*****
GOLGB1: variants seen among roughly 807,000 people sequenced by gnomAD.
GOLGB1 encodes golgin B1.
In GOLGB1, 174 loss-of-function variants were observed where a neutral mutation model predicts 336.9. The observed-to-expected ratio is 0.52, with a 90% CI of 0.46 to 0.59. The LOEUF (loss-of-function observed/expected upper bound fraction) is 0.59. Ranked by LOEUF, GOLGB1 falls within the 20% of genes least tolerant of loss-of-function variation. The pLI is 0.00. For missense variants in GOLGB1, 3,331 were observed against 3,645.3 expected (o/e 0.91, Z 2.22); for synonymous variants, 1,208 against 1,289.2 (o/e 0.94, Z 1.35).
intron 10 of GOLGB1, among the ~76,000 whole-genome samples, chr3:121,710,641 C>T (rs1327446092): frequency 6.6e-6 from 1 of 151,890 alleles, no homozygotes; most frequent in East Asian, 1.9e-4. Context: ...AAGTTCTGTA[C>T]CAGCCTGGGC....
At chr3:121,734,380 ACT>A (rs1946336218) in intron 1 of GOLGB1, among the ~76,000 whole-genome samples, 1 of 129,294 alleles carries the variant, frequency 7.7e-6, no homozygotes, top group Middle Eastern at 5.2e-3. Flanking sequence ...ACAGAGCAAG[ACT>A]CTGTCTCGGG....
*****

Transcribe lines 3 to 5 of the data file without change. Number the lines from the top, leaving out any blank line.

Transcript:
In GOLGB1, 174 loss-of-function variants were observed where a neutral mutation model predicts 336.9. The observed-to-expected ratio is 0.52, with a 90% CI of 0.46 to 0.59. The LOEUF (loss-of-function observed/expected upper bound fraction) is 0.59. Ranked by LOEUF, GOLGB1 falls within the 20% of genes least tolerant of loss-of-function variation. The pLI is 0.00. For missense variants in GOLGB1, 3,331 were observed against 3,645.3 expected (o/e 0.91, Z 2.22); for synonymous variants, 1,208 against 1,289.2 (o/e 0.94, Z 1.35).
intron 10 of GOLGB1, among the ~76,000 whole-genome samples, chr3:121,710,641 C>T (rs1327446092): frequency 6.6e-6 from 1 of 151,890 alleles, no homozygotes; most frequent in East Asian, 1.9e-4. Context: ...AAGTTCTGTA[C>T]CAGCCTGGGC....
At chr3:121,734,380 ACT>A (rs1946336218) in intron 1 of GOLGB1, among the ~76,000 whole-genome samples, 1 of 129,294 alleles carries the variant, frequency 7.7e-6, no homozygotes, top group Middle Eastern at 5.2e-3. Flanking sequence ...ACAGAGCAAG[ACT>A]CTGTCTCGGG....